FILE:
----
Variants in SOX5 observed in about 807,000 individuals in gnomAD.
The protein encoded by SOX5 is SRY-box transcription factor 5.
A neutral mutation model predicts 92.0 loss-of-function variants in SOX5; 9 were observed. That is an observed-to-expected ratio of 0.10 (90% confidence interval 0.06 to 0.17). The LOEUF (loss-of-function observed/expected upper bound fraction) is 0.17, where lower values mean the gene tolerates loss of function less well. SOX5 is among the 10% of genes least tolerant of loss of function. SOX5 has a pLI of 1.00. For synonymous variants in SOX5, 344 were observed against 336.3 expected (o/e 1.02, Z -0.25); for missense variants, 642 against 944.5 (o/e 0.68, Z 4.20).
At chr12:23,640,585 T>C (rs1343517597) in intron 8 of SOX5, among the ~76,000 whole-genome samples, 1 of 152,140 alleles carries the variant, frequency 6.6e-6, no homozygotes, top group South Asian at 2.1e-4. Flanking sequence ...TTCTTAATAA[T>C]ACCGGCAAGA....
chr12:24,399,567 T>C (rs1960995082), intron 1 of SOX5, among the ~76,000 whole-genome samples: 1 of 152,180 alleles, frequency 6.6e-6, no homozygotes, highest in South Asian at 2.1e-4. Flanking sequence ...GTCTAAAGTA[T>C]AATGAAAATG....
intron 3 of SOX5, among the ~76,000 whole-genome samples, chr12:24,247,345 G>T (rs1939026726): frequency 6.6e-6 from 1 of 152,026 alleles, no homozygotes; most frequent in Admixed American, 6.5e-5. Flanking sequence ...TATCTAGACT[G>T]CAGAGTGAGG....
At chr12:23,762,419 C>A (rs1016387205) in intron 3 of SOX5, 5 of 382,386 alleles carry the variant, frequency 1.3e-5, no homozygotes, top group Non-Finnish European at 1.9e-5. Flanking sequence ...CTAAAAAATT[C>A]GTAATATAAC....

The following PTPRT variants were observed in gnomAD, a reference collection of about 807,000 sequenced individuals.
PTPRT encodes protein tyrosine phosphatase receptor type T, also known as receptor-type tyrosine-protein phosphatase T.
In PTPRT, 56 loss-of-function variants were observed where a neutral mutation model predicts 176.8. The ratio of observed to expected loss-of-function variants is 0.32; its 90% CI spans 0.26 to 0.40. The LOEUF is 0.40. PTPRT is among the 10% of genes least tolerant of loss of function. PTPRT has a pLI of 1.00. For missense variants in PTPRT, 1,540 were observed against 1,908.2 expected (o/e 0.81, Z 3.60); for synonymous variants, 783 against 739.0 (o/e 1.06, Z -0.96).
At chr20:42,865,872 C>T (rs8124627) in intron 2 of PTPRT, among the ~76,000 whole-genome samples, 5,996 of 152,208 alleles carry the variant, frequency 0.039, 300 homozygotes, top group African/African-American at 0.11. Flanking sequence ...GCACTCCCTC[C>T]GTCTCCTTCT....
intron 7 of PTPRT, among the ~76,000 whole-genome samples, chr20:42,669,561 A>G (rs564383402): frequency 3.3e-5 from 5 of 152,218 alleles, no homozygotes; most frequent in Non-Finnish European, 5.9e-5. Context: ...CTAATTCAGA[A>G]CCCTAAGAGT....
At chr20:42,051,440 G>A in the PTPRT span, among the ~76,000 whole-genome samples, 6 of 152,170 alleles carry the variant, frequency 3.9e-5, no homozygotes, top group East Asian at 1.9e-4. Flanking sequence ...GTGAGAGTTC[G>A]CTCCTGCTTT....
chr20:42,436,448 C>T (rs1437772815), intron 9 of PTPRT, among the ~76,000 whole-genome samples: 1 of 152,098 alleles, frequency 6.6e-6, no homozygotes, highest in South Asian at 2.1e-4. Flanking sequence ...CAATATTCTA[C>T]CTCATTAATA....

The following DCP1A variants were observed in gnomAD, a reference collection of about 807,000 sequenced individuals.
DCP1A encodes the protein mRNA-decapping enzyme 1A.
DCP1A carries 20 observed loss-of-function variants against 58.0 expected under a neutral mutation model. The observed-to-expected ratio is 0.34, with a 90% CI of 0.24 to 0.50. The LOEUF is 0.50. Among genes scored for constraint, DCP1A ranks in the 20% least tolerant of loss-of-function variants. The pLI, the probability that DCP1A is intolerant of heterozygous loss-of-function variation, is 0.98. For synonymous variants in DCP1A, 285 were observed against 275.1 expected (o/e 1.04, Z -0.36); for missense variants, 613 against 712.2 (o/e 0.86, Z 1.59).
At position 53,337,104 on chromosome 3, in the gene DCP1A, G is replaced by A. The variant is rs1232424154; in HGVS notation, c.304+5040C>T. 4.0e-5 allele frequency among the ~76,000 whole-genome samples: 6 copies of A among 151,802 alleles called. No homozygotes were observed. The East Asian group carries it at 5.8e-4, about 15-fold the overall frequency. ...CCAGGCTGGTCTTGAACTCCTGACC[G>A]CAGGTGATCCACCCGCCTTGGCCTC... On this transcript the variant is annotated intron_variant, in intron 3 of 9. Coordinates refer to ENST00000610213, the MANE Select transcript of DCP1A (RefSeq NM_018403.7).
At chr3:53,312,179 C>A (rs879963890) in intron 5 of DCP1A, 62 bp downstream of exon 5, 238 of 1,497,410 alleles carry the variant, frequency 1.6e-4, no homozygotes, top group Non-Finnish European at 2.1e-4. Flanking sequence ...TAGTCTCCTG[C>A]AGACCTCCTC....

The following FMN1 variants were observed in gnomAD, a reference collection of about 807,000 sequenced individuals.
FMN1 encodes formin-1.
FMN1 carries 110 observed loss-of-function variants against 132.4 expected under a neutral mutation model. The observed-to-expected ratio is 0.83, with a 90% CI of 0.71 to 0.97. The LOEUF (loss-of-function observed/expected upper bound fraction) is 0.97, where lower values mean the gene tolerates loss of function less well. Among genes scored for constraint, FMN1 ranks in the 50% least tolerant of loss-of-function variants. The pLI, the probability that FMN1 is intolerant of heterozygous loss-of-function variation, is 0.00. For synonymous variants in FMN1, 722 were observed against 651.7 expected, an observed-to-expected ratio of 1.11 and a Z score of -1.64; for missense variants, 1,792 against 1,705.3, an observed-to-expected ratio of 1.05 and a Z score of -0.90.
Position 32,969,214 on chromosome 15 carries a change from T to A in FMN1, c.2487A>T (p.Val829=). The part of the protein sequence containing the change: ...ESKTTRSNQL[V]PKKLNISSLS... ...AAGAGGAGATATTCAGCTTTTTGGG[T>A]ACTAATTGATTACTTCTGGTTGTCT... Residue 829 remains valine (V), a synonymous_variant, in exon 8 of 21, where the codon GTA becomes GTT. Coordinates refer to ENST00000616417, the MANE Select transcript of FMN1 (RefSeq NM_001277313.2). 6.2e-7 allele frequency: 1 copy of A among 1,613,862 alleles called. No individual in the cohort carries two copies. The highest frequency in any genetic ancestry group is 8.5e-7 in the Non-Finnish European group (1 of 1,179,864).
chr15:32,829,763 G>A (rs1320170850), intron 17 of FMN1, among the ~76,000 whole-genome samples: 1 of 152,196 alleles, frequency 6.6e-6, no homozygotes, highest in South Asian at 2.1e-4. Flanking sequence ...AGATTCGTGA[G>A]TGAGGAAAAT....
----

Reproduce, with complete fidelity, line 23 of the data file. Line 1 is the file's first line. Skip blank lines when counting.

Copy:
Position 32,969,214 on chromosome 15 carries a change from T to A in FMN1, c.2487A>T (p.Val829=). The part of the protein sequence containing the change: ...ESKTTRSNQL[V]PKKLNISSLS... ...AAGAGGAGATATTCAGCTTTTTGGG[T>A]ACTAATTGATTACTTCTGGTTGTCT... Residue 829 remains valine (V), a synonymous_variant, in exon 8 of 21, where the codon GTA becomes GTT. Coordinates refer to ENST00000616417, the MANE Select transcript of FMN1 (RefSeq NM_001277313.2). 6.2e-7 allele frequency: 1 copy of A among 1,613,862 alleles called. No individual in the cohort carries two copies. The highest frequency in any genetic ancestry group is 8.5e-7 in the Non-Finnish European group (1 of 1,179,864).